Yes, I'm a pastor's wife, but I suspect not all of my readers are Christian. I won't hold back on my beliefs, but I also won't shove religion at you. I try not to accept things just because they're told to me but read and research in order to make up my own mind. You'll find a random mix of stuff here, depending on what interests me at the moment. I like to read others' opinions, whether they agree with me or not, which means I love comments on my posts!

Monday, September 24, 2012

My Husband Rocks!

My husband and I don't have much in common when it comes to hobbies. We often bypass each other during the day when he goes to do his thing and I do mine. He likes sports, and I like art. That's the biggest difference, and it goes on from there. So we compromise by reading together...usually something marriage related.

My man recently came home with the book Love & Respect by Emerson Eggerichs. The love she most desires; the respect he desperately needs. I'll be the first to admit the book has some slow and repetitive parts. Some areas I would rather skim over than read word for word, and some of the ideas I don't agree with. But a lot of what Emerson writes is beginning to make sense. I've stopped multiple times while we're reading and said "Huh. Really? Is that true?!" I guess I've always assumed men feel love the same way women do, but it's certainly not the case. If you have a husband, fiancee, or serious boyfriend, ask him if he would rather be told "I love you" or "I respect you." My husband said the latter.

I'm working to change how I talk to my husband so he really knows I respect him, and I've noticed a bit of a change in him. He knows my shoulder has been hurting lately, and I often make faces or rub it when he's around hoping he'll take the hint and massage it. I didn't give away any hints yesterday, but my rockin' husband said "I'll be done with this in about 20 minutes. Want me to massage your shoulders after that?" Oh yeah, I do! He said it so sweetly too, not sounding as if it were a chore. *sigh*

VBS 2012: Paul & the Underground Church


The curriculum for Paul & the Underground Church was published by Group in 2009, but after reading about it I knew it would be perfect for where our kids and youth were spiritually. Tracking it down was a different story. A Google search led me to a few churches who had used this curriculum, and a few emails helped me find 1 church who still had it (and knew where to find it). They were gracious enough to let us borrow it - free of charge!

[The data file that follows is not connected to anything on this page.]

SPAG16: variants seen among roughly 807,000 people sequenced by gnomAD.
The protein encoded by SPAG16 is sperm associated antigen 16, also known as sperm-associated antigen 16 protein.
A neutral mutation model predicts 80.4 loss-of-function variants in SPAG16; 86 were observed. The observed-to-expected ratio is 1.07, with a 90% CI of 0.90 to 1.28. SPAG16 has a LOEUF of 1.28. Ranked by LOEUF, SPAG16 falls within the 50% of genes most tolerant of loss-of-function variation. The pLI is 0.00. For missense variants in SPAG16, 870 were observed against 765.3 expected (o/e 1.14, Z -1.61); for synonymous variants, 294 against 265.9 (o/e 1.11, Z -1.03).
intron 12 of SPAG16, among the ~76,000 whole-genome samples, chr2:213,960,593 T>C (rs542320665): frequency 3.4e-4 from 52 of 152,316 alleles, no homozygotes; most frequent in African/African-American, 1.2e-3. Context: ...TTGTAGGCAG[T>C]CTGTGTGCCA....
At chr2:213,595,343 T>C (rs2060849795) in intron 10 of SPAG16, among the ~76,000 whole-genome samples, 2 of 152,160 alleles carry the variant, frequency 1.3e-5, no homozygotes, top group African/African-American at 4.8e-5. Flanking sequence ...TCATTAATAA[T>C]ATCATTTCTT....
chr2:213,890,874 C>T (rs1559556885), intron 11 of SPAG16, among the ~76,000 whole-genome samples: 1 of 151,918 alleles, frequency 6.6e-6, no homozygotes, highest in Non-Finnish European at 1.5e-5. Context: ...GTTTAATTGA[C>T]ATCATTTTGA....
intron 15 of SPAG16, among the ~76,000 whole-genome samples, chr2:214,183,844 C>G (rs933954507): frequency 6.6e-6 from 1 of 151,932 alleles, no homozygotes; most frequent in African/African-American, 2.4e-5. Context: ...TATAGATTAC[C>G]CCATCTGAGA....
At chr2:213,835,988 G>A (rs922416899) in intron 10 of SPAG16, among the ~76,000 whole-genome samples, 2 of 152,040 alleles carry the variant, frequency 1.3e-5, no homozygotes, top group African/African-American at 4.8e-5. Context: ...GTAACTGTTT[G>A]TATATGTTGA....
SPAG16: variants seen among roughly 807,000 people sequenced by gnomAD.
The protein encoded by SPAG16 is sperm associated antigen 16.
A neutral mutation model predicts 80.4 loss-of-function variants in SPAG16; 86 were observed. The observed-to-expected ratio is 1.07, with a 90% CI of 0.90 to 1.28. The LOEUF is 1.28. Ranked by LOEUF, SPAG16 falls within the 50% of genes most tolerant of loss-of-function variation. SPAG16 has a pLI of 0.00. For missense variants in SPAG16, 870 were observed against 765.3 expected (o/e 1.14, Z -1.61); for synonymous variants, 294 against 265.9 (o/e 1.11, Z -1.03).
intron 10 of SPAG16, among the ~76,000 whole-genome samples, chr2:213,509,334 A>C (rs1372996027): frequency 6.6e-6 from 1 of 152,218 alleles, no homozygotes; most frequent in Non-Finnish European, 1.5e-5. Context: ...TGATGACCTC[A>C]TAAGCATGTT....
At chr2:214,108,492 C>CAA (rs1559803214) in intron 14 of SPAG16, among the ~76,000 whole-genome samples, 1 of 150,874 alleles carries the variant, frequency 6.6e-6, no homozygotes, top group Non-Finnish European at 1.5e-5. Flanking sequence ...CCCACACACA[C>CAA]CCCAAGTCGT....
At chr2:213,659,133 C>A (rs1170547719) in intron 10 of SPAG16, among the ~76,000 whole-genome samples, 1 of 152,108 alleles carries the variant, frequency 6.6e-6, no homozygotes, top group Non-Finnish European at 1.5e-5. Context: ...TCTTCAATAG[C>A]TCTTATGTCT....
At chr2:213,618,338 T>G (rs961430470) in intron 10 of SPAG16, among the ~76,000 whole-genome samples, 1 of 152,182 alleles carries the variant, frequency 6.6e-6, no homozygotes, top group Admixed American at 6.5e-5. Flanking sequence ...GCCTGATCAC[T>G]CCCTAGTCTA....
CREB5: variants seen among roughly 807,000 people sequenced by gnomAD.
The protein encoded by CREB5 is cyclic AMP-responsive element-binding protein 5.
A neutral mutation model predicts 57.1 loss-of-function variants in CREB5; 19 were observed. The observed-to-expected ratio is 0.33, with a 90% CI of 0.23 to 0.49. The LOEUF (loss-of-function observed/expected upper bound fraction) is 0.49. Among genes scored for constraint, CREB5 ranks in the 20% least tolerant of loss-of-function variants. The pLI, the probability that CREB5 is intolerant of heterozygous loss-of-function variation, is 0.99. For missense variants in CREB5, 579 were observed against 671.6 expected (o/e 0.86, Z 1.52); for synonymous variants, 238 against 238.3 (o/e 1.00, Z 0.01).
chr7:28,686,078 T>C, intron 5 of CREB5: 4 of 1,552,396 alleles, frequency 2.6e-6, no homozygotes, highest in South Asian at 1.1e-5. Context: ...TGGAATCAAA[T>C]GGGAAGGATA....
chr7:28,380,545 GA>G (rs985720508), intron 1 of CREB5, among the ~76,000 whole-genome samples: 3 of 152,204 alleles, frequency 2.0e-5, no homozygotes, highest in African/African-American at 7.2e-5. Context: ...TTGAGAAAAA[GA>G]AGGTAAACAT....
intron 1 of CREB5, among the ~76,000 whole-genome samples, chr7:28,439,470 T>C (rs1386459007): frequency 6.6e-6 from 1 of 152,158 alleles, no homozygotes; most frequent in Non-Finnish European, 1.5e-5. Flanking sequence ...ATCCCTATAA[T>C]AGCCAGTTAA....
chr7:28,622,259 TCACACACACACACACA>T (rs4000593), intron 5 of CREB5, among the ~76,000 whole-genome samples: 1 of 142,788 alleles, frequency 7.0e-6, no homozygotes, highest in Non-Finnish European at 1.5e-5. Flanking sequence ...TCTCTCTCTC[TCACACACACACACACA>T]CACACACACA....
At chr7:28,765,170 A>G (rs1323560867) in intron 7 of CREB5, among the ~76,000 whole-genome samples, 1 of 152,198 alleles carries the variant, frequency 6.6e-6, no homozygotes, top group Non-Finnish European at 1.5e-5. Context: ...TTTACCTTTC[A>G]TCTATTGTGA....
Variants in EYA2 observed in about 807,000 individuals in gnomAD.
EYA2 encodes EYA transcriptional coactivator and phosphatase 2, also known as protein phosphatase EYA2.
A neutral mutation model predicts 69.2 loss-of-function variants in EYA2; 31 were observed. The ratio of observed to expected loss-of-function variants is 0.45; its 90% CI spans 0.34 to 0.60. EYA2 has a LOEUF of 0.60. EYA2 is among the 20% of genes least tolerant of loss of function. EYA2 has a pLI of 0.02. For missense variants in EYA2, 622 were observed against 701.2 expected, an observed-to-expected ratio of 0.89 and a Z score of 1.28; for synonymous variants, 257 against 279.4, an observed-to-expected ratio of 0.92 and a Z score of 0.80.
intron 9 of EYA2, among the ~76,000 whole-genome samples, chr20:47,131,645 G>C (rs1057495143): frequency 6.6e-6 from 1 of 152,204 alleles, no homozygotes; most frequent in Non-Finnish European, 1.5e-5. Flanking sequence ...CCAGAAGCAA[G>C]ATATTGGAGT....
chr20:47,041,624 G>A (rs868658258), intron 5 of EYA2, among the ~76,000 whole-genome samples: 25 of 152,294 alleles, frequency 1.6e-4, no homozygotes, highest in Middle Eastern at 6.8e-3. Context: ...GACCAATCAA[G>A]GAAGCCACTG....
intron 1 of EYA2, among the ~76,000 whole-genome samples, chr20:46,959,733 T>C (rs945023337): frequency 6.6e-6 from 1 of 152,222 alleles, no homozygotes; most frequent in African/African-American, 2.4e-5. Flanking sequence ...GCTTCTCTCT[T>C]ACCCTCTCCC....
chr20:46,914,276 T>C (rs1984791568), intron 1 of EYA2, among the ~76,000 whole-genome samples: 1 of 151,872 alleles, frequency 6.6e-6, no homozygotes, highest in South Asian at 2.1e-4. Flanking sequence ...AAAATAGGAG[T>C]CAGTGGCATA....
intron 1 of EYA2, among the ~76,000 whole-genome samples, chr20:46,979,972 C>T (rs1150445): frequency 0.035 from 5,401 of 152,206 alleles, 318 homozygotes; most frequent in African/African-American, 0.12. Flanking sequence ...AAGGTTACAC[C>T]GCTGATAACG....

When compared to the other 3 years I've directed, this year had the best and largest group of workers but the smallest amount of kids. I partially blame the weather for the lack of kids...it poured! Thanks to the workers and the set-up of the curriculum, it turned out to be the best VBS I've directed so far.

We started in the Sanctuary with Extollo (Praise and Worship), a few rules, and collections of canned goods. We normally do penny wars to raise money for VBS, but I really have been feeling lately that we need to reach out to the community instead of staying wrapped up in ourselves. I wanted VBS to somehow help others, and a canned food drive helped do that. We pitted boys against girls, using 2 of our outspoken youth workers as the bait. The winning side (girls!) got to slam a pie into the face of the other.

From there we broke off into family groups. I've always separated them by ages, but Group recommended separating them into family groups with varying ages in them. I was skeptical at first, but it made sense. The older ones can help the younger ones, siblings aren't split up unless they want to be, and friends with an age difference can stick together. It worked out wonderfully! I said last year that having 13 & 14 year-olds volunteer didn't work well, so we included them among the family groups. Volunteers had to be 15 and up.